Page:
Quibi blames timing and pandemic for its failure, Netflix subscribers fall short of projections

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Jeffrey Katzenberg (left) and Meg Whitman (right) launched Quibi in April, but the company has experienced public troubles since then. Photo by Fortune Brainstorm TECH.

Just six months after its initial launch with $1.75 billion in investments, Quibi has announced it will shut down by the end of the year.

The company aimed to fill a niche in the entertainment industry for short-form content aimed at on-the-go millennials. However, Quibi failed to build a core audience in the coveted demographic of 25 to 34 year olds, and 90% of users left the service after the free trial ended.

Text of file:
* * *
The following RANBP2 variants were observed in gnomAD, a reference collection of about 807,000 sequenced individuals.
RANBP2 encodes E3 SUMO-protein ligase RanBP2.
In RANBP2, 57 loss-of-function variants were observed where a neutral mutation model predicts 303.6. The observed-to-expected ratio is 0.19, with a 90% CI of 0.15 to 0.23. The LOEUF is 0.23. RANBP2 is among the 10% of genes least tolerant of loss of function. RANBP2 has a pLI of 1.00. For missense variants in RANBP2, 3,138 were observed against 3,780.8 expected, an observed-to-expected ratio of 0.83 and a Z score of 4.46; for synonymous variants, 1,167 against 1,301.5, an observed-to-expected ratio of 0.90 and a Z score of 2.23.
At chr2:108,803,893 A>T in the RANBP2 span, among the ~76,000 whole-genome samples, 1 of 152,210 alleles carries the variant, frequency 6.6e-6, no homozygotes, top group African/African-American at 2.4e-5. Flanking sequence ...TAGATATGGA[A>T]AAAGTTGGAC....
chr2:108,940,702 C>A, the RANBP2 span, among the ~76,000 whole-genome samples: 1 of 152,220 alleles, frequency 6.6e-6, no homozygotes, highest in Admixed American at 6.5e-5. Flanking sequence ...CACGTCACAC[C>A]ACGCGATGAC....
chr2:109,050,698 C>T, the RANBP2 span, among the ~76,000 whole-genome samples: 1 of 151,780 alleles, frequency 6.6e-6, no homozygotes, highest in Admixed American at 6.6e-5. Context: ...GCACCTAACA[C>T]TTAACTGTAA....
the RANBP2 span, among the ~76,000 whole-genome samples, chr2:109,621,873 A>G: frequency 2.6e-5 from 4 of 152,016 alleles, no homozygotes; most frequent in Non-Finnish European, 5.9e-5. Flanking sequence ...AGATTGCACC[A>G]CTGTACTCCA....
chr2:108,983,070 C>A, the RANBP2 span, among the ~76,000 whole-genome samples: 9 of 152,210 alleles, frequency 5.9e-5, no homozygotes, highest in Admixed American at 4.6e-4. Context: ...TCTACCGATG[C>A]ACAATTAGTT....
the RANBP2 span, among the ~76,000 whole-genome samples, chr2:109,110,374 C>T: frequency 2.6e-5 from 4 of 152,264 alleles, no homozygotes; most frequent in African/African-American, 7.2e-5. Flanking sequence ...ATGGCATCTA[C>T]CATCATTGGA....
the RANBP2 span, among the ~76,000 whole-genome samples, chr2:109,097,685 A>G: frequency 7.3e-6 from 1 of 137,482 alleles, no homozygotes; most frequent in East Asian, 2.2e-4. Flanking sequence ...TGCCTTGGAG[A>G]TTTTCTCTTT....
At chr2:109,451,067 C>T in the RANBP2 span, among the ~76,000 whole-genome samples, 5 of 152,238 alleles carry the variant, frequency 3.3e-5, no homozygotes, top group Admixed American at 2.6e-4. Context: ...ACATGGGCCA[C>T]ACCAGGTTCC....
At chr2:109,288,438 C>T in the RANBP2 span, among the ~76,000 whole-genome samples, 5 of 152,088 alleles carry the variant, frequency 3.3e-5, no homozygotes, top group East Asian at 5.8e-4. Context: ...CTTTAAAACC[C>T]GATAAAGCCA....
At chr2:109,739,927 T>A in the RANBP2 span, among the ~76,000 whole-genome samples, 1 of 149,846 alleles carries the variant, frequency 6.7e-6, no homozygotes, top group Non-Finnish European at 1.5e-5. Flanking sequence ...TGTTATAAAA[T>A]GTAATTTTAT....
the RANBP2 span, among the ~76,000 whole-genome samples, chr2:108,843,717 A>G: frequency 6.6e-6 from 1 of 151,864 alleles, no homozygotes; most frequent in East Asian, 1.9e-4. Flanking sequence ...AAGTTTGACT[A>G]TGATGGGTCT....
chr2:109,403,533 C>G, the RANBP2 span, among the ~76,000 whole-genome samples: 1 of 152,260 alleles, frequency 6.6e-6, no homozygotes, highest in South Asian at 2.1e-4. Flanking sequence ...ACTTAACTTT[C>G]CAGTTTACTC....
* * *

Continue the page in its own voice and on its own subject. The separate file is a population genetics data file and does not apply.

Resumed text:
In an open letter the day of the announcement, Quibi co-founders Jeffrey Katzenberg and Meg Whitman volunteered two explanations for why the service failed. “The idea itself wasn’t strong enough to justify a standalone streaming service or because of our timing,” they wrote. Many in Hollywood quickly opined that the idea was to blame.

The news comes as Netflix, Quibi’s most successful competitor, revealed disappointing subscriber numbers to investors. The company added 2.2 million subscribers, just short of its own projections of 2.5 million. Analysts had projected that the streaming giant would gain at least 3.5 million new subscribers.

Meanwhile at HBO Max, Channing Dungey moved from Netflix to work at Warner Television, replacing Peter Roth, who brought in hits like “Big Bang Theory” and “Two and a Half Men.” Dungey is expected to revitalize Warner’s television division and provide the company with streaming-era hits on HBO Max.

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